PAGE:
The first publicly traded oncology specialist debuted on the stock market this week following its merger with a special purpose acquisition company.
The Oncology Institute, a provider with 50 offices in four states headquartered in the Los Angeles area, closed on its combination with DFP Healthcare Acquisitions Corp. and is now trading on NASDAQ under the ticker symbols "TOI" and "TOIIW." The company's stock is currently valued at about $8.50, down more than 18% from its initial value on Monday.
Founded in 2007, TOI touts a brand of value-based oncology care its leaders say is lacking in the current cancer treatment industry, which is mostly delivered on a fee-for-service basis. Brad Hively, the company's CEO, said TOI manages more than 1.5 million patients under value-based contracts, which comprise a little over half of its revenue. Of the 1.5 million patients, about half are covered by managed Medicaid, followed by commercially insurance and then Medicare Advantage. The other roughly half of TOI's revenue is fee-for-service.
Hively said TOI assumes risk for the cost of patients' oncology care through agreements with primary-care providers like UnitedHealth Group's Optum, CareMore Health and P3 Health Partners, which have capitated contracts with health plans. None of the three companies commented on their agreements with TOI.
"Then they subcapitate us to provide and pay for all the oncology care beneath that," he said.
It's a model Hively said he believes should be expanded to more communities, and the capital he'll raise through going public will help accelerate that growth. He said he views TOI as a market leader when it comes to value-based oncology.
"There's a lot of scarcity value," Hively said. "There's just not a lot of people that do what we do."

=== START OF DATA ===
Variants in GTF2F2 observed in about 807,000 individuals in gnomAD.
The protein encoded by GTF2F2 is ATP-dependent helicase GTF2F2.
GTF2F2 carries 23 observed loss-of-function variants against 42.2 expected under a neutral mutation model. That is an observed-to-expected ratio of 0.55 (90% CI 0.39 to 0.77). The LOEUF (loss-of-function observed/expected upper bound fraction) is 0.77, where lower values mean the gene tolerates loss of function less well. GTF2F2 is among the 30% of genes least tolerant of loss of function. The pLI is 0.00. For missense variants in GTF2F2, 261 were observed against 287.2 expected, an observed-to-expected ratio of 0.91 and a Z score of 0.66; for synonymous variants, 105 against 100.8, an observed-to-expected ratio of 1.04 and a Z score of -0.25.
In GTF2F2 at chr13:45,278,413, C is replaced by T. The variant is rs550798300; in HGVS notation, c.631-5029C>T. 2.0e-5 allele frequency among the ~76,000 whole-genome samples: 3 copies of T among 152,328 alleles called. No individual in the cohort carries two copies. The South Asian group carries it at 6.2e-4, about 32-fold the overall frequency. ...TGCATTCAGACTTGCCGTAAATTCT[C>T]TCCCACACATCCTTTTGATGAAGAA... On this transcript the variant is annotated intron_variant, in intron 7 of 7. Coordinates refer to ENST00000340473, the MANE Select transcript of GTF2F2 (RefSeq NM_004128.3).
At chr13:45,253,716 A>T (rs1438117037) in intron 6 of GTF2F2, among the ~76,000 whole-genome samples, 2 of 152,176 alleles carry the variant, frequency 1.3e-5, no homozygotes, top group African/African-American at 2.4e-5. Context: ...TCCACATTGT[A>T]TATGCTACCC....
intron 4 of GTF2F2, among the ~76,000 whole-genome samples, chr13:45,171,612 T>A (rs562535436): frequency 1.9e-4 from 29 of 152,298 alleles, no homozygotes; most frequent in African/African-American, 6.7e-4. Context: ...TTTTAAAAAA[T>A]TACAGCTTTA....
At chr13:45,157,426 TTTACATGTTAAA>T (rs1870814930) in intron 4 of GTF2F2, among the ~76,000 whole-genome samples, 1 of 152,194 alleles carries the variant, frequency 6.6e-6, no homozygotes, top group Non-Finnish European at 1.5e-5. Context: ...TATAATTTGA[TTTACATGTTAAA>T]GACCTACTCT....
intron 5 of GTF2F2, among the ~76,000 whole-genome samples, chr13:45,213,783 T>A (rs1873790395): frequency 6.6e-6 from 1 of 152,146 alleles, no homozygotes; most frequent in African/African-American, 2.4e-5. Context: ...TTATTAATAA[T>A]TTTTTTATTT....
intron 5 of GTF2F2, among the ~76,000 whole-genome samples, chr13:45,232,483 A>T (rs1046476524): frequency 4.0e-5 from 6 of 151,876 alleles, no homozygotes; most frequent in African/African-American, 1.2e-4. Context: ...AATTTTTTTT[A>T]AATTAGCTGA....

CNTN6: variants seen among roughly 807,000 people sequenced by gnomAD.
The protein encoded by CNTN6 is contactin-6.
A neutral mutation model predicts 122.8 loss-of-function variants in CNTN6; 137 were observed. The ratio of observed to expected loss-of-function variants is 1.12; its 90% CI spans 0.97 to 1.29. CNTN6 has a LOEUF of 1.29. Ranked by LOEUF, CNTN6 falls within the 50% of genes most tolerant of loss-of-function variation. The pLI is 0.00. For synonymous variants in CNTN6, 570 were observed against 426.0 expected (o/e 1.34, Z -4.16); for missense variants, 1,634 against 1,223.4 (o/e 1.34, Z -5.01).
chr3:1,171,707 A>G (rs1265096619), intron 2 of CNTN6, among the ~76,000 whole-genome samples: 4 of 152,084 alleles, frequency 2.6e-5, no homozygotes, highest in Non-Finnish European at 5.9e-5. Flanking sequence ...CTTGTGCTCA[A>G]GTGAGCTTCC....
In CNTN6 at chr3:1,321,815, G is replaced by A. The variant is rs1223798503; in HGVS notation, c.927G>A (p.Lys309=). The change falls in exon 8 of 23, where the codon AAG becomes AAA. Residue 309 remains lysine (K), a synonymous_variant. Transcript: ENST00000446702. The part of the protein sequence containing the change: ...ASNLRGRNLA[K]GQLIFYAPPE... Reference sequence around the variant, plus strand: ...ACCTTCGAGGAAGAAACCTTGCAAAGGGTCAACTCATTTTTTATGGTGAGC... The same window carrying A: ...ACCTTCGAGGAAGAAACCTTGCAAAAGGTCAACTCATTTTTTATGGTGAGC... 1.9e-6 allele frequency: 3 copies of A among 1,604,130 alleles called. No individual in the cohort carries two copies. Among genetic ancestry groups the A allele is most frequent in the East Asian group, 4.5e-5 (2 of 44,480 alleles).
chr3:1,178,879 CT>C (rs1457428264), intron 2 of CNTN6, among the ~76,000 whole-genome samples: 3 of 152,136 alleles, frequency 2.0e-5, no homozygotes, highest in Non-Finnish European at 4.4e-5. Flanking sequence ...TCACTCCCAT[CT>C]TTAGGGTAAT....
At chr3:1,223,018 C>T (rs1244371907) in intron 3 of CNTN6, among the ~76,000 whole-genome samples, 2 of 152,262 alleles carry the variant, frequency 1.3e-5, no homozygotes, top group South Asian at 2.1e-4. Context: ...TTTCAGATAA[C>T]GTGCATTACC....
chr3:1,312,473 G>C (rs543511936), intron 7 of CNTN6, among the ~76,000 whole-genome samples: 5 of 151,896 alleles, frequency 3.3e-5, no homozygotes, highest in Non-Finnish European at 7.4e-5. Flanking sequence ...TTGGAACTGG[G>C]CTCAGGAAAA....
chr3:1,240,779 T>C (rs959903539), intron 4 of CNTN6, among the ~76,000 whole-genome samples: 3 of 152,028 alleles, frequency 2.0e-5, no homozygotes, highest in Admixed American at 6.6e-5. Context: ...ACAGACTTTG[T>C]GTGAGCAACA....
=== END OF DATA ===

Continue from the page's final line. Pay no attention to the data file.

It's possible that TOI's value-based care focus will help differentiate it in what's currently a crowded field of oncology players, said Matt Wolf, a director and healthcare senior analyst with RSM. In any case, going public through a SPAC will certainly boost its name recognition, he said.
Wolf said he wasn't surprised to see the first pure-play oncology practice debuting in this manner. The COVID-19 pandemic has only accelerated the demand for oncology, but the aging population and rising cost of cancer drugs have long driven opportunity to add value to the system, he said.
"There's just a lot of money going towards oncology," Wolf said. "There has been for years."
TOI has about employed 80 clinicians, including slightly more than 50 doctors plus a mix of nurse practitioners and physician assistants, Hively said. The company drew $155 million in revenue in 2019 and projects that will grow to $345 million in 2022, according to a slide presentation. The SPAC deal valued TOI at $842 million.
This marks the third SPAC deal sponsored by affiliates of Deerfield Management Company, said Richard Barasch, who headed up the deals and is now a TOI board member. Barasch also oversaw SPAC mergers with AdaptHealth in 2019 and CareMax in June.
"This is not a play around just controlling cost," Barasch said of the TOI deal. "This is a play around improving quality at a better cost. And taking it one step further … a good part of the business is getting better access to cancer treatment to people on the lower half of the income scale."